It would be shocking if the Indians do not add to the current crop of outfield options. Believe it or not, more outfielders could help clear up the picture, so long as they are real upgrades over what is already here.

Photo: Jason Miller/Getty Images



Indians Bullpen Took Free Agent Hits, But Hardly Crumbling


When a baseball team loses a pair of late-inning relievers to free agency, as the Cleveland Indians did this past week, it is certainly cause for some concern and worry. However, it is nowhere near time for Tribe fans to start hitting the panic button when it comes to Cleveland’s bullpen and its prospects for remaining a team strength in 2018.

Watching Bryan Shaw sign with the Colorado Rockies and then Joe Smith ink a deal with the Houston Astros was definitely frustrating for the faithful followers of the Wahoo Warriors. The sky is not falling and the walls are not caving in, however, at the home bullpen at Progressive Field.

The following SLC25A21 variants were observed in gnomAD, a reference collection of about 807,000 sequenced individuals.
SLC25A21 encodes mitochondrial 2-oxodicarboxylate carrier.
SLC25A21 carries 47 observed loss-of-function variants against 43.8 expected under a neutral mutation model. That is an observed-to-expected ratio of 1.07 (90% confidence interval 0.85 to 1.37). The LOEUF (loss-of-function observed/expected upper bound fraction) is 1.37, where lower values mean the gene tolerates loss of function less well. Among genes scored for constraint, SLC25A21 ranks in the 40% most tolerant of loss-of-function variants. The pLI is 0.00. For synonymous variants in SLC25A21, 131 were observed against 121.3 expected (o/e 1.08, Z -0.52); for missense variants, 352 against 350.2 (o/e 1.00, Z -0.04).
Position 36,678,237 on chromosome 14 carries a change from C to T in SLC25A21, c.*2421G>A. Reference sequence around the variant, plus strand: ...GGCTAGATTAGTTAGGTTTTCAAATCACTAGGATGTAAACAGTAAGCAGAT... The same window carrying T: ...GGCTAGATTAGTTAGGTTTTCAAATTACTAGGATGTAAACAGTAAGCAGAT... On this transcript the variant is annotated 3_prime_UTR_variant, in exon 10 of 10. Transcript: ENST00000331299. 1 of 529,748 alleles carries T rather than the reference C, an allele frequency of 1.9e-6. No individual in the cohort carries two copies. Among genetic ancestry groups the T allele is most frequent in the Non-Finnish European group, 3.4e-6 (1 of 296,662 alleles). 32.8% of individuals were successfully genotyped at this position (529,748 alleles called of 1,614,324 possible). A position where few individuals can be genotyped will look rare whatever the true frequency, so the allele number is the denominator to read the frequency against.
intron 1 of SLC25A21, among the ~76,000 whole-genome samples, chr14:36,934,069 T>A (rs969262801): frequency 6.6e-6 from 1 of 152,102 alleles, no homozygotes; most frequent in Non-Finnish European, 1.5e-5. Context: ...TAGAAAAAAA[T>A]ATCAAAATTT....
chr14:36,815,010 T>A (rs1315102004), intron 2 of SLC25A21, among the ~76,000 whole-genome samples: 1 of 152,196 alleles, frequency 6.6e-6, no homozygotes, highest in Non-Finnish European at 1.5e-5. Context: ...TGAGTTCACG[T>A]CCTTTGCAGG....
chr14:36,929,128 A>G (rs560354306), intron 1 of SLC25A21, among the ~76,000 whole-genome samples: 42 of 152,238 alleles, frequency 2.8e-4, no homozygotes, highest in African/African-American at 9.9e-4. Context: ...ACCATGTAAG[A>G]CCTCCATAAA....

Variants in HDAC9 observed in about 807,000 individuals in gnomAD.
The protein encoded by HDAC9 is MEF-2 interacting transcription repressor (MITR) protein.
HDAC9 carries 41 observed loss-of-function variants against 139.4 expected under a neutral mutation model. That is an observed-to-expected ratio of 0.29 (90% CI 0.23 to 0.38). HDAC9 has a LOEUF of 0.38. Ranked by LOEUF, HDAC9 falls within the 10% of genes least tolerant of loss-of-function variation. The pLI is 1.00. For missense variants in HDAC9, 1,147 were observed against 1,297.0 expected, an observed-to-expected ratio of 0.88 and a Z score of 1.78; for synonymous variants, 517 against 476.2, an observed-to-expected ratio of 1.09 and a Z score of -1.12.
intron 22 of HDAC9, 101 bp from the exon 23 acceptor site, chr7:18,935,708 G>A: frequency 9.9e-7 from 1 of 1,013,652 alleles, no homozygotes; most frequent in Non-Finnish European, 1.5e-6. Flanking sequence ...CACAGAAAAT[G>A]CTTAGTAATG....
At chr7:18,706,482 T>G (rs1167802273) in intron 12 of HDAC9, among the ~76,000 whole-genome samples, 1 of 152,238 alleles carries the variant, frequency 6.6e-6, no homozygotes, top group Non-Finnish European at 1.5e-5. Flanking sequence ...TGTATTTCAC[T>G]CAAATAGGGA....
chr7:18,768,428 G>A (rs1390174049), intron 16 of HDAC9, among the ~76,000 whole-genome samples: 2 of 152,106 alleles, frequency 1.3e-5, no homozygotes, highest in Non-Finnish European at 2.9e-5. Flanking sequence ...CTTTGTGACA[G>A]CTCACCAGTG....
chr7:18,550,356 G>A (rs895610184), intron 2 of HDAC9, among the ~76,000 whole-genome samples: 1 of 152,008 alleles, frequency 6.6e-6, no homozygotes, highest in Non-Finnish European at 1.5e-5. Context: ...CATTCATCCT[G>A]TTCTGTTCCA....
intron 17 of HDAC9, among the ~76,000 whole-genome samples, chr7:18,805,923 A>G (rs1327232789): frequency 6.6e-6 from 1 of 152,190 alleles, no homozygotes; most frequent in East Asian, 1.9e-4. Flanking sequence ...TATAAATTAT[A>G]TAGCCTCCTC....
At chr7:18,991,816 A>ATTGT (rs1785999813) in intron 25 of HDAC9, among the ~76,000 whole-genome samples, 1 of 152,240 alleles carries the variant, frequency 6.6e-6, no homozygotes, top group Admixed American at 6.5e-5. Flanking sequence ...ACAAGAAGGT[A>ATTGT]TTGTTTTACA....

Of the two, Shaw was undoubtedly the biggest loss for the Tribe. Shaw has been one of Terry Francona‘s must trusted relievers since the pitcher and manager both came aboard the Indians’ ship in 2013. In five seasons with Cleveland, Shaw made more appearances than any other reliever in game during that time. While he had a tendency to frustrate Indians fans with late-game meltdowns, including Game 7 of the 2016 World Series, Shaw typically got the job done and was one of the better setup men in all of baseball during his half decade with the Tribe.

Smith, on the other hand, was a new old friend who came back to Cleveland after more than three seasons away this past July. Smith was a trusted bullpen arm for the Indians from 2009-2013. His last season of his first go-round with the Tribe coincided with Francona’s first campaign guiding the Indians. Smith signed a rich contract with the Angels after the 2013 season ended. He came back to the Tribe in a deadline deal with the Blue Jays this past summer.